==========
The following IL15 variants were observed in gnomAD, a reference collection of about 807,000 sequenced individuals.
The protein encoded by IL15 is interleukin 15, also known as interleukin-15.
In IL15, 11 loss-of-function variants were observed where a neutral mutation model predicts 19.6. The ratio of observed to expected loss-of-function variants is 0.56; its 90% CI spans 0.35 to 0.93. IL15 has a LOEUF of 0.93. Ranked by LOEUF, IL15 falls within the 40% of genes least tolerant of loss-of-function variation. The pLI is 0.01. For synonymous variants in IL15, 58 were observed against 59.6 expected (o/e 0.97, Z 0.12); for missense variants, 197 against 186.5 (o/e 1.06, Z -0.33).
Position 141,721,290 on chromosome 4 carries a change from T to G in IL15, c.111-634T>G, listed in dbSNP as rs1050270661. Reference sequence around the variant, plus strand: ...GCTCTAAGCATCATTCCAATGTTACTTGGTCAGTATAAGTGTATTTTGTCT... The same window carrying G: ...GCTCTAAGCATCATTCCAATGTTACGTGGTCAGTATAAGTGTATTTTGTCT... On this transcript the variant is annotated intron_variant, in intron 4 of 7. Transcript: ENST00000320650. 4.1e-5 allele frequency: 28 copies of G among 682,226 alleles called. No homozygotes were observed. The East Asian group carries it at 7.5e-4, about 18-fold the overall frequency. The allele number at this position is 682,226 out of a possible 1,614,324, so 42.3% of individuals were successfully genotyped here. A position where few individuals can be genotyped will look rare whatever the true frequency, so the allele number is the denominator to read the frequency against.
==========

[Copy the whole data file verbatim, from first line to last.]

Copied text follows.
The following IL15 variants were observed in gnomAD, a reference collection of about 807,000 sequenced individuals.
The protein encoded by IL15 is interleukin 15, also known as interleukin-15.
In IL15, 11 loss-of-function variants were observed where a neutral mutation model predicts 19.6. The ratio of observed to expected loss-of-function variants is 0.56; its 90% CI spans 0.35 to 0.93. IL15 has a LOEUF of 0.93. Ranked by LOEUF, IL15 falls within the 40% of genes least tolerant of loss-of-function variation. The pLI is 0.01. For synonymous variants in IL15, 58 were observed against 59.6 expected (o/e 0.97, Z 0.12); for missense variants, 197 against 186.5 (o/e 1.06, Z -0.33).
Position 141,721,290 on chromosome 4 carries a change from T to G in IL15, c.111-634T>G, listed in dbSNP as rs1050270661. Reference sequence around the variant, plus strand: ...GCTCTAAGCATCATTCCAATGTTACTTGGTCAGTATAAGTGTATTTTGTCT... The same window carrying G: ...GCTCTAAGCATCATTCCAATGTTACGTGGTCAGTATAAGTGTATTTTGTCT... On this transcript the variant is annotated intron_variant, in intron 4 of 7. Transcript: ENST00000320650. 4.1e-5 allele frequency: 28 copies of G among 682,226 alleles called. No homozygotes were observed. The East Asian group carries it at 7.5e-4, about 18-fold the overall frequency. The allele number at this position is 682,226 out of a possible 1,614,324, so 42.3% of individuals were successfully genotyped here. A position where few individuals can be genotyped will look rare whatever the true frequency, so the allele number is the denominator to read the frequency against.